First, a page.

Friends in Film Review

Friends in Film Review

I’m not an affiliate. I just wanted to help people who, like me, were on the fence about this program. 

Last July, I signed up for the Friends in Film program.

Around that time, I was feeling really frustrated. I had entered two screenwriting competitions with no results (except a loss of $130 in entry fees :/ ). I was having a hard time finding background work (and when I did, I didn’t hear back as often as I would have liked). I knew there had to be a better way. I just didn’t know how to break in as an actor and screenwriter from Southwest Oklahoma.

I actually found the program on Facebook years ago. It would pop up on my news feed every so often, but I didn’t really give it much thought until this last July. I don’t remember exactly what the ad said, but it was something along the lines of helping actors and writers get in the film business. Whatever it was, it was exactly what I was looking for.

The initial course (Career on Fire) is free, so I signed up. In the free live training, the creator of the course, Janet Urban, showed an overview of how to find work on film sets (from anywhere!) and how to move up in the film world to the job you’ve been dreaming of. To learn the exact steps, however, I would have to enroll in the Friends in Film program.

Now, I have done many an online course in my day. Some are okay. I did a fantastic screenwriting course back in 2015 and learned a lot from it. But most of them (especially the ones I took in early 2018) are garbage. They don’t teach anymore than what I had already learned on my own from Google searches. So I was skeptical. If I was going to drop this much money, I had to make sure it would be worth it.

I watched and read all the success stories Janet has on her website. They, of course, made me want to take the course even more. If what they were saying was true, this program was exactly the thing I needed to get out of my job and on an actual path towards my goals. But I wanted some stories or reviews that were not on the Friends in Film website.

I only found one other review (it gives a great overview of the program; I recommend it if you’re considering signing up). Basically, the author said the program seemed to work, but she had to drop out before she could finish it.

Despite my reservations, something kept telling me I needed to go for it. So I did. And it is definitely one of the best decisions I’ve made for my career so far.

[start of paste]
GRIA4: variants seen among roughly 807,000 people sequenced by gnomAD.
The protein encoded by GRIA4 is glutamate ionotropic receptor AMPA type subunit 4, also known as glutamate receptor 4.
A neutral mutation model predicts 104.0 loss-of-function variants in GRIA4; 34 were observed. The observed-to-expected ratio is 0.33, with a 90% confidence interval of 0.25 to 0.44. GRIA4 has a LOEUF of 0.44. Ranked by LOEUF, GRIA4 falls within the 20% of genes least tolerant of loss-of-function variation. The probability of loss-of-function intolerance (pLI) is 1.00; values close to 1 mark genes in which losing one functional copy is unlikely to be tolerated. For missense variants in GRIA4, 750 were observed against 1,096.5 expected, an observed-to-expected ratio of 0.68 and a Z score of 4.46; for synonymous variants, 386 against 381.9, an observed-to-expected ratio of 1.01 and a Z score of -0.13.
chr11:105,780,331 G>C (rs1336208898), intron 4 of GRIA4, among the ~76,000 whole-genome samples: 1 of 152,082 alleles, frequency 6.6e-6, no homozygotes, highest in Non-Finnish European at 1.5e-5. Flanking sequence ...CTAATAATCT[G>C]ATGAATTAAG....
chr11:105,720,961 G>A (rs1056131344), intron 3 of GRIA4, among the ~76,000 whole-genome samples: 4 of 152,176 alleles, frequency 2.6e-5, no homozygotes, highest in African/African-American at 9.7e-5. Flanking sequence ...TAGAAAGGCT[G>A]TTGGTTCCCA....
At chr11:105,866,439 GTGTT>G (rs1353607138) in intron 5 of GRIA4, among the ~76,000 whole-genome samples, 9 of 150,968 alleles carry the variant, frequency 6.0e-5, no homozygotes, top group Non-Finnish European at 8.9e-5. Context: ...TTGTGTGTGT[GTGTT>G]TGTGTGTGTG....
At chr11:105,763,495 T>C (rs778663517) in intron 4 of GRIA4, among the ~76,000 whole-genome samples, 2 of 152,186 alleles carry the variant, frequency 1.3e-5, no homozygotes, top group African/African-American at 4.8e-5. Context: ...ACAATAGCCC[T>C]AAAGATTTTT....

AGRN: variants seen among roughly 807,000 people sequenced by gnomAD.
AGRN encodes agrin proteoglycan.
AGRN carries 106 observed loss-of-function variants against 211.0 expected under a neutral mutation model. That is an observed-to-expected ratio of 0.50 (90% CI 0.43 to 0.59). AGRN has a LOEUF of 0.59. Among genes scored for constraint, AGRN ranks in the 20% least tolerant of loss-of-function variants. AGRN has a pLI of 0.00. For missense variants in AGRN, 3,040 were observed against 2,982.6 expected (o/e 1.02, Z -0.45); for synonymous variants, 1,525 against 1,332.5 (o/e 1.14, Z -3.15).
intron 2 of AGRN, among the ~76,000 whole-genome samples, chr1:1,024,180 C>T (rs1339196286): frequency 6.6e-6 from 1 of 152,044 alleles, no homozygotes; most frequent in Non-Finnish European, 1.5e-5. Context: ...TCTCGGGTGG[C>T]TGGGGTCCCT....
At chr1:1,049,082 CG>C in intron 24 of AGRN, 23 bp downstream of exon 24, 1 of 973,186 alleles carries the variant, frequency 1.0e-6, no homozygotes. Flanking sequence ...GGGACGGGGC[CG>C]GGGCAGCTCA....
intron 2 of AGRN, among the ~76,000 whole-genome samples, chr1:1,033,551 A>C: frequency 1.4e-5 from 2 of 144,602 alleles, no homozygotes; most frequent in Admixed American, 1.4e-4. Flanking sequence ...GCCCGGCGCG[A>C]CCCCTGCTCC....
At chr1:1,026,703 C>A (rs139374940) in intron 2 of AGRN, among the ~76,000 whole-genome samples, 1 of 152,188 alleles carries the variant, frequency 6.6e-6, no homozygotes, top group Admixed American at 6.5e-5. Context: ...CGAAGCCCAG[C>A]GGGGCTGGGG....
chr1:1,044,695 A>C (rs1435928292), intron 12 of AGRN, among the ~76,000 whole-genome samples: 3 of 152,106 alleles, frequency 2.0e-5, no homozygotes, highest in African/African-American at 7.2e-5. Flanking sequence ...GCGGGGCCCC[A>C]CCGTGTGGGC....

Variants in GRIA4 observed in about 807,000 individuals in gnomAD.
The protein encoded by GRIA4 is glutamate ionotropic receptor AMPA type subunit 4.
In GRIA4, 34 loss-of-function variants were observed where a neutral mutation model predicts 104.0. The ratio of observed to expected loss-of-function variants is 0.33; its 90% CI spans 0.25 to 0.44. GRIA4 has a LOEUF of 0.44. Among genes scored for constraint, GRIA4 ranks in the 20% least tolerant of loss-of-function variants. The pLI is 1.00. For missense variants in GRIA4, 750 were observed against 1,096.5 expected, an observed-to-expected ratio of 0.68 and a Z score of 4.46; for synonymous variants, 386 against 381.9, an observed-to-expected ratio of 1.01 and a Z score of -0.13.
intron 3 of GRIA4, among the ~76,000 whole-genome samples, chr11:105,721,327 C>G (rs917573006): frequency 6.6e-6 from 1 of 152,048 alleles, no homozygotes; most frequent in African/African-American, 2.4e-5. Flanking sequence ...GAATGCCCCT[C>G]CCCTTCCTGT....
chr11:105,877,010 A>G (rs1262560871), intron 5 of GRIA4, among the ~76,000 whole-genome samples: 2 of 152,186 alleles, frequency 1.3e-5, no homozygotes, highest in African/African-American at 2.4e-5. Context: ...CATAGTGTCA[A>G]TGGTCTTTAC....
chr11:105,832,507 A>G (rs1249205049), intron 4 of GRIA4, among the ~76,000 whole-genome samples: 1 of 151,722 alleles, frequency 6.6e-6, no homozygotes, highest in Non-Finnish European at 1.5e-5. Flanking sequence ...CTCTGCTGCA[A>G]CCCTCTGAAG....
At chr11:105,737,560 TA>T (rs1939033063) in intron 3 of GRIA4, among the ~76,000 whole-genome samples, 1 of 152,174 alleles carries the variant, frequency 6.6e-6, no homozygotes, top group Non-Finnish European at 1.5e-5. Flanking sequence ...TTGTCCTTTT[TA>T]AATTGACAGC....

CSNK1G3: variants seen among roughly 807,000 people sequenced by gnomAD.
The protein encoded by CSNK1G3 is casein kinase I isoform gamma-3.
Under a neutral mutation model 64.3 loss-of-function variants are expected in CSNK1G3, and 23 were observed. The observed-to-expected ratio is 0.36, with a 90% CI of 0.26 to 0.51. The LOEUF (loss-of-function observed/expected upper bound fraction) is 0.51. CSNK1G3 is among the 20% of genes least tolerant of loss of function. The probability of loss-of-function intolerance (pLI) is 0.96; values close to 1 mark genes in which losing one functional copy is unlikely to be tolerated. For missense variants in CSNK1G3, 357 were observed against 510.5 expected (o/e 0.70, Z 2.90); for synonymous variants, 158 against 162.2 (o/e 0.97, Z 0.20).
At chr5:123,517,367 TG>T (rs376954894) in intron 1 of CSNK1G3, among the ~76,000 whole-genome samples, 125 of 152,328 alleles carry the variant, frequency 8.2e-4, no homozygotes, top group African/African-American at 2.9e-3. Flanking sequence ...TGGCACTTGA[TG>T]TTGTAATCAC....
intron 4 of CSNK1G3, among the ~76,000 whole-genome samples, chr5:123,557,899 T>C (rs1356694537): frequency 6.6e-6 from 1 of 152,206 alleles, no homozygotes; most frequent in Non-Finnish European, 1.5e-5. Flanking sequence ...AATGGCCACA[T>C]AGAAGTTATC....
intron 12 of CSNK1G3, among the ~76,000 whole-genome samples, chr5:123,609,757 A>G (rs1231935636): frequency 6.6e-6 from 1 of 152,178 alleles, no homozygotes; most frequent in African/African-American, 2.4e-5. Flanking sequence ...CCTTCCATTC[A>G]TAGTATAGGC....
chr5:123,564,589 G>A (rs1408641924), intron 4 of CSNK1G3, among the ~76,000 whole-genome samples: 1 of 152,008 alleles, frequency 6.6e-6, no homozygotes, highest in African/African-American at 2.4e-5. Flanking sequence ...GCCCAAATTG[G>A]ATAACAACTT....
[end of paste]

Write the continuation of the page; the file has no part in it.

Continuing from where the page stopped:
First of all, from what I’ve experienced and read from fellow Friends in Films course-mates, the methods do work. Janet has worked in the industry for many years (and is very successful herself). She knows where to find jobs, the steps it takes to get those jobs, how to act on set and what to say to potential contacts. Her methods work even in Oklahoma, where I thought there was little filming going on (I was wrong). If they work here I imagine they’ll work wherever you live.

I think my favorite part of the program, however, is how she not only on helps you advance your career, but also helps you become your best self in every aspect of your life. She is encouraging and uplifting and also teaches you how to develop a mindset that will set you up for life-long success.

As with any kind of training you do, what you put into it is what you’ll get out of it. It took me about 6 months to find my first gig. But part of that was because I took two months off to prepare for “Evil Dead the Musical,” because I let my shy nature hold me back a bit, and because two of the gigs I had found in September fell through.

When you sign up for the course, you also get access to the program’s Yammer page. This allows you to talk to other people going through the course, people who have finished the course, and Janet herself. It is great for getting feedback (on things like your resume or cover letters) and encouragement from people who have once been where you are.

This program has given me a newfound hope for my future. It has laid out a path for me (that has very practical, doable steps) that I probably would have never found on my own. I feel like my goals are in reach instead of a pie-in-the-sky thing that I would never achieve.

So if you are a writer, actor, director, or anyone who wants a career in film, I highly recommend this program. Yes, it is pricey, but it is a worthwhile investment in your future. And it is definitely a faster route towards my dreams than if I had just kept trying (poorly) on my own.

For more information, go to friendsinfilm.com.